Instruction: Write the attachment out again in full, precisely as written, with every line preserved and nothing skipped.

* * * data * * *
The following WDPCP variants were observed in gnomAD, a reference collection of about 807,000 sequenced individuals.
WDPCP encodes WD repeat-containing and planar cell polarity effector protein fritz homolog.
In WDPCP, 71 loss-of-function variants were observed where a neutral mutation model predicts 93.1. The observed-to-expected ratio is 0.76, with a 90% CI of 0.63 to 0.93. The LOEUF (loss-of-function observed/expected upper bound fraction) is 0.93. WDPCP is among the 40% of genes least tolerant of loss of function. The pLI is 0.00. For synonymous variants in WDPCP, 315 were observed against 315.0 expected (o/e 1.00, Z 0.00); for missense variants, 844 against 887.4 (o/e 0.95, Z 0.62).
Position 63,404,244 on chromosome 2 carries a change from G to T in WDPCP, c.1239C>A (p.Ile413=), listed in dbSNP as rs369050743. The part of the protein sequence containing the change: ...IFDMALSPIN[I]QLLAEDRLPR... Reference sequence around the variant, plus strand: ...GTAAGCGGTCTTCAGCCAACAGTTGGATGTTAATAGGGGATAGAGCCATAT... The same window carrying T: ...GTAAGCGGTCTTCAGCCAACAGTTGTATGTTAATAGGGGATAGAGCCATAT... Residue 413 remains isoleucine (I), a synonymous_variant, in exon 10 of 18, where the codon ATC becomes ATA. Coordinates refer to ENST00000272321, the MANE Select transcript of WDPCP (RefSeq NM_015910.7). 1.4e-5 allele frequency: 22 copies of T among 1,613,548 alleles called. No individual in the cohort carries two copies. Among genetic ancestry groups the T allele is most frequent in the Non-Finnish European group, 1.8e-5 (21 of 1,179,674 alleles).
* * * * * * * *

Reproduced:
The following WDPCP variants were observed in gnomAD, a reference collection of about 807,000 sequenced individuals.
WDPCP encodes WD repeat-containing and planar cell polarity effector protein fritz homolog.
In WDPCP, 71 loss-of-function variants were observed where a neutral mutation model predicts 93.1. The observed-to-expected ratio is 0.76, with a 90% CI of 0.63 to 0.93. The LOEUF (loss-of-function observed/expected upper bound fraction) is 0.93. WDPCP is among the 40% of genes least tolerant of loss of function. The pLI is 0.00. For synonymous variants in WDPCP, 315 were observed against 315.0 expected (o/e 1.00, Z 0.00); for missense variants, 844 against 887.4 (o/e 0.95, Z 0.62).
Position 63,404,244 on chromosome 2 carries a change from G to T in WDPCP, c.1239C>A (p.Ile413=), listed in dbSNP as rs369050743. The part of the protein sequence containing the change: ...IFDMALSPIN[I]QLLAEDRLPR... Reference sequence around the variant, plus strand: ...GTAAGCGGTCTTCAGCCAACAGTTGGATGTTAATAGGGGATAGAGCCATAT... The same window carrying T: ...GTAAGCGGTCTTCAGCCAACAGTTGTATGTTAATAGGGGATAGAGCCATAT... Residue 413 remains isoleucine (I), a synonymous_variant, in exon 10 of 18, where the codon ATC becomes ATA. Coordinates refer to ENST00000272321, the MANE Select transcript of WDPCP (RefSeq NM_015910.7). 1.4e-5 allele frequency: 22 copies of T among 1,613,548 alleles called. No individual in the cohort carries two copies. Among genetic ancestry groups the T allele is most frequent in the Non-Finnish European group, 1.8e-5 (21 of 1,179,674 alleles).